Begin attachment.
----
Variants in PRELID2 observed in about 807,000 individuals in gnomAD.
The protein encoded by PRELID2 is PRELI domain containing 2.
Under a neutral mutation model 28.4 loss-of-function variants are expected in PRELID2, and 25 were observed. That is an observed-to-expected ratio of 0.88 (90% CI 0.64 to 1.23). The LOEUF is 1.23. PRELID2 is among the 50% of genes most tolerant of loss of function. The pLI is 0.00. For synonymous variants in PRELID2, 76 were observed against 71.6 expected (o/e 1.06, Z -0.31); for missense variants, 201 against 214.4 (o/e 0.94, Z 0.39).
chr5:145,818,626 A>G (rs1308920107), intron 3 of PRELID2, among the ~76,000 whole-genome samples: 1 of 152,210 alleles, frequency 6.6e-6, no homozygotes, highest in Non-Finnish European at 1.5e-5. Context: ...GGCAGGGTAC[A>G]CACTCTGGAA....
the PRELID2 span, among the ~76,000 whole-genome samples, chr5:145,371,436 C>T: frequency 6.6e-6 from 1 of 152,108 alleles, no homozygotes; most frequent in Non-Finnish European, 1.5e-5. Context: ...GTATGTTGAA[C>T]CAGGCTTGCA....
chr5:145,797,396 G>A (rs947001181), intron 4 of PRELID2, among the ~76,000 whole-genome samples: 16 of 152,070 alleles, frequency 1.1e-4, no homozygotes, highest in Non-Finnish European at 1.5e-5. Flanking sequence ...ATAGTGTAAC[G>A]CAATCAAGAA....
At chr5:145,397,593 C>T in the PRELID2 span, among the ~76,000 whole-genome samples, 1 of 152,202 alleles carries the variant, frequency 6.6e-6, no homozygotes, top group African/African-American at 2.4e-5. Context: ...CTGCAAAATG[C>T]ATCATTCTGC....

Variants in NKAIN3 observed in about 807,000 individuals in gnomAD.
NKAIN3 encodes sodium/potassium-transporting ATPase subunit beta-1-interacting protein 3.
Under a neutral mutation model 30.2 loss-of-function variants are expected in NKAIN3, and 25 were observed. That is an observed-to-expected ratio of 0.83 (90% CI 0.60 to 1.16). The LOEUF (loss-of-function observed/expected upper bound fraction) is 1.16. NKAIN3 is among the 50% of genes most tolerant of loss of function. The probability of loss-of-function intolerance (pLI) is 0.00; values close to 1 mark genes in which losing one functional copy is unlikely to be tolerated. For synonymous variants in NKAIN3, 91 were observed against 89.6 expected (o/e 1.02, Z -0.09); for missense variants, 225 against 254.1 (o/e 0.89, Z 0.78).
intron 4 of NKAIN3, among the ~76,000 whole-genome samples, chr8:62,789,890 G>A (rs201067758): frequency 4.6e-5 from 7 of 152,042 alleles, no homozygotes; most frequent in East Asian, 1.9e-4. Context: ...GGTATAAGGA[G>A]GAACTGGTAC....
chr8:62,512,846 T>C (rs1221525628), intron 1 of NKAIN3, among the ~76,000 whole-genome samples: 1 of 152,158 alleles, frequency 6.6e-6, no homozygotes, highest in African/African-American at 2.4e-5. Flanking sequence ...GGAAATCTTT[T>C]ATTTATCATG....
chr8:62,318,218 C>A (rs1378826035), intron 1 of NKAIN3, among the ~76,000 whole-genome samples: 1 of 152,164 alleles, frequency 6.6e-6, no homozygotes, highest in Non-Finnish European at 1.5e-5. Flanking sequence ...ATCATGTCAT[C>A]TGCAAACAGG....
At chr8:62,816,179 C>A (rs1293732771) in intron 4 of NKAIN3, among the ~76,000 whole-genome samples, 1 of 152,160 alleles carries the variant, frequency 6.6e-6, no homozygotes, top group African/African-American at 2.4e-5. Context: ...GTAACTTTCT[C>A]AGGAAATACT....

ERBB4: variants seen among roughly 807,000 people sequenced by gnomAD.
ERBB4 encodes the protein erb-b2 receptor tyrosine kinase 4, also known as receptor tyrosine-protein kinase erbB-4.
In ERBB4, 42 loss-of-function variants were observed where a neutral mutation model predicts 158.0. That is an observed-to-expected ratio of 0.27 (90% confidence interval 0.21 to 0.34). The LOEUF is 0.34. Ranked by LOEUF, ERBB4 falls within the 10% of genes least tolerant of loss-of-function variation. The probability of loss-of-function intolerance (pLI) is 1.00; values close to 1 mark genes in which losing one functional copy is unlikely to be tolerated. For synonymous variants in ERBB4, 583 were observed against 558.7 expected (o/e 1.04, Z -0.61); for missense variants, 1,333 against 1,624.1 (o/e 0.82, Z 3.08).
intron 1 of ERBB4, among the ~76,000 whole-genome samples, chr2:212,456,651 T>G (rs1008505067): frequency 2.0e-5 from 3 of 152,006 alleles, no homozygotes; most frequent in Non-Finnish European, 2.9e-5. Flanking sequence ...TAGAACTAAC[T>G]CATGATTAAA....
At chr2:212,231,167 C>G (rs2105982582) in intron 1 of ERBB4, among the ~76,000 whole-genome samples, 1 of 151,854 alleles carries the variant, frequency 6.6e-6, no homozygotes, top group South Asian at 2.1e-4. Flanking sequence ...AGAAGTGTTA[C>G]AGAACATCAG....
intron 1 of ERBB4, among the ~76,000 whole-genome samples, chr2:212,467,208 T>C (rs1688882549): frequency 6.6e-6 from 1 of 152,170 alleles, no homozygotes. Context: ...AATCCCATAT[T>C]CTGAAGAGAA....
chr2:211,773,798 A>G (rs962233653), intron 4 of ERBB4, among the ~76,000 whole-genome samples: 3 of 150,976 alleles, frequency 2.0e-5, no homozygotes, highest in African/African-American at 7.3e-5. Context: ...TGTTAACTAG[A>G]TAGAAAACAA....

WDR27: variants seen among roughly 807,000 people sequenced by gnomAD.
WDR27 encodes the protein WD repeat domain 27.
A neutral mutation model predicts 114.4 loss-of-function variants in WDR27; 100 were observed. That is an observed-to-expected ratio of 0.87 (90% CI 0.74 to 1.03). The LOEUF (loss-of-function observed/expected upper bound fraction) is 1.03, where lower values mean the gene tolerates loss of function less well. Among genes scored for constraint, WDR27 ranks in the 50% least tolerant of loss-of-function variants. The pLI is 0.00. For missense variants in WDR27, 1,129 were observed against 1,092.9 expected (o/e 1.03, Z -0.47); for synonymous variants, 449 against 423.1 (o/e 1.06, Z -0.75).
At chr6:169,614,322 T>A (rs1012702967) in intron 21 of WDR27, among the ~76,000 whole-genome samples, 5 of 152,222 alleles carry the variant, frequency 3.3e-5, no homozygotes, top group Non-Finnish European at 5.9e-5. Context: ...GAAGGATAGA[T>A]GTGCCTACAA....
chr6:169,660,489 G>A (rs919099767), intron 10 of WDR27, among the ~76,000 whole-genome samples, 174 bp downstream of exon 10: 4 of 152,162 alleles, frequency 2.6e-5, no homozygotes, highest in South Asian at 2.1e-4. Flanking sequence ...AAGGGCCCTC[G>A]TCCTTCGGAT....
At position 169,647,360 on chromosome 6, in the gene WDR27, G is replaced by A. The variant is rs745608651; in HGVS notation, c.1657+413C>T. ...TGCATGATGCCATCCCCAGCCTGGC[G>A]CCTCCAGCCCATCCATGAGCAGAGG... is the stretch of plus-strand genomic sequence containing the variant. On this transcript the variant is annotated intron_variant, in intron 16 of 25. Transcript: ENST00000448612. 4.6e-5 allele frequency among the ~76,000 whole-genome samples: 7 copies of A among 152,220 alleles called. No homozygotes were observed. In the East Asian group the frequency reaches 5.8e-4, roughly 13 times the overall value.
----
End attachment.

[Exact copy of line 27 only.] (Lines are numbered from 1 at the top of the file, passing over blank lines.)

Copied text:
At position 169,647,360 on chromosome 6, in the gene WDR27, G is replaced by A. The variant is rs745608651; in HGVS notation, c.1657+413C>T. ...TGCATGATGCCATCCCCAGCCTGGC[G>A]CCTCCAGCCCATCCATGAGCAGAGG... is the stretch of plus-strand genomic sequence containing the variant. On this transcript the variant is annotated intron_variant, in intron 16 of 25. Transcript: ENST00000448612. 4.6e-5 allele frequency among the ~76,000 whole-genome samples: 7 copies of A among 152,220 alleles called. No homozygotes were observed. In the East Asian group the frequency reaches 5.8e-4, roughly 13 times the overall value.